The U.S. Environmental Protection Agency (EPA) has issued an Administrative Order on Consent with the Town of Belmont over years of water quality damages. Over the next five years the town has agreed to make a significant investment in repairs to its storm water system, which is discharging pollutants, including human sewage, into waters of the Mystic River watershed. We congratulate Belmont on their commitment to improve water quality to tributaries to Alewife Brook.
This is a success story for citizen science and for non-profit environmental collaboration with government agencies. Data acquired by MyRWA volunteers and shared with EPA was key to making progress. This has been a group effort---from the dozens of volunteer monitors who go out each month to collect samples, to the tireless work of others like Roger Frymire, who spent countless hours finding sources of pollution in the Alewife Brook area.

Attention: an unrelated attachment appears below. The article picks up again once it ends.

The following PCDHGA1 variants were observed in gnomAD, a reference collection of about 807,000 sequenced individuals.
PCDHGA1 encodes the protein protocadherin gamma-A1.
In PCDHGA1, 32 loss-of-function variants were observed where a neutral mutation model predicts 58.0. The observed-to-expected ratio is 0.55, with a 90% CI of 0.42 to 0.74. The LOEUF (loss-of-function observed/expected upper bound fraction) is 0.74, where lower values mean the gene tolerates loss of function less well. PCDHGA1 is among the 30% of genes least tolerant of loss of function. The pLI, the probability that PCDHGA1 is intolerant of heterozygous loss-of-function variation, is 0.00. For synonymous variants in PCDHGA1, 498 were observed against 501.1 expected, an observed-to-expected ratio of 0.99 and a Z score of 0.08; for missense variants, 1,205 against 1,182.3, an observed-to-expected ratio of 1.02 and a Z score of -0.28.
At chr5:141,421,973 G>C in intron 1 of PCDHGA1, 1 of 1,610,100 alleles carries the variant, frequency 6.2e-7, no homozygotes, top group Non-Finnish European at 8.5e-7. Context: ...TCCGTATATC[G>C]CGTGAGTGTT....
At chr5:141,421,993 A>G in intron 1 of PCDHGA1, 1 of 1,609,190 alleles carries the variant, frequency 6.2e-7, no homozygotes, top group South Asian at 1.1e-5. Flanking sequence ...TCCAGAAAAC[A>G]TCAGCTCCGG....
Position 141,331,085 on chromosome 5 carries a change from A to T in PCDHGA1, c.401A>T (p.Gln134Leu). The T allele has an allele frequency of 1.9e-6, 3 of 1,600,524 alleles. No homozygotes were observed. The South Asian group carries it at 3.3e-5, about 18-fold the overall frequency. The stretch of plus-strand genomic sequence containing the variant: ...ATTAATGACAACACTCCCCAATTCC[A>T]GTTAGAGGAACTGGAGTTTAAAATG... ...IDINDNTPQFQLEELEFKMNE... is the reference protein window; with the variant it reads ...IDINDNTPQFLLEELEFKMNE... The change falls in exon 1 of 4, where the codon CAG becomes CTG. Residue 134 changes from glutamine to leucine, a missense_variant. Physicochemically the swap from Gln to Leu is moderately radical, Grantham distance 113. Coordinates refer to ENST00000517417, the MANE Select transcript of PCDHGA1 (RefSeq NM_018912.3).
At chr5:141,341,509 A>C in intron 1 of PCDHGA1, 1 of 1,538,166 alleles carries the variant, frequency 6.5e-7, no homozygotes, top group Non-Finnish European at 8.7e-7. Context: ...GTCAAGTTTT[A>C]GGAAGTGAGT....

Since 2000, volunteers through the MyRWA's Baseline Monitoring Program have generated water quality data that is shared with state and federal agencies. Each year the EPA in conjunction with MyRWA issues a water quality report card for the Mystic River watershed.
The 2015 water quality report card for the Belmont area tells the story: Alewife Brook earned a D grade with 50% compliance with boating and swimming standards for bacteria; Little River a D- grade at 44% compliance; and Winn's Brook an F grade at 33% compliance.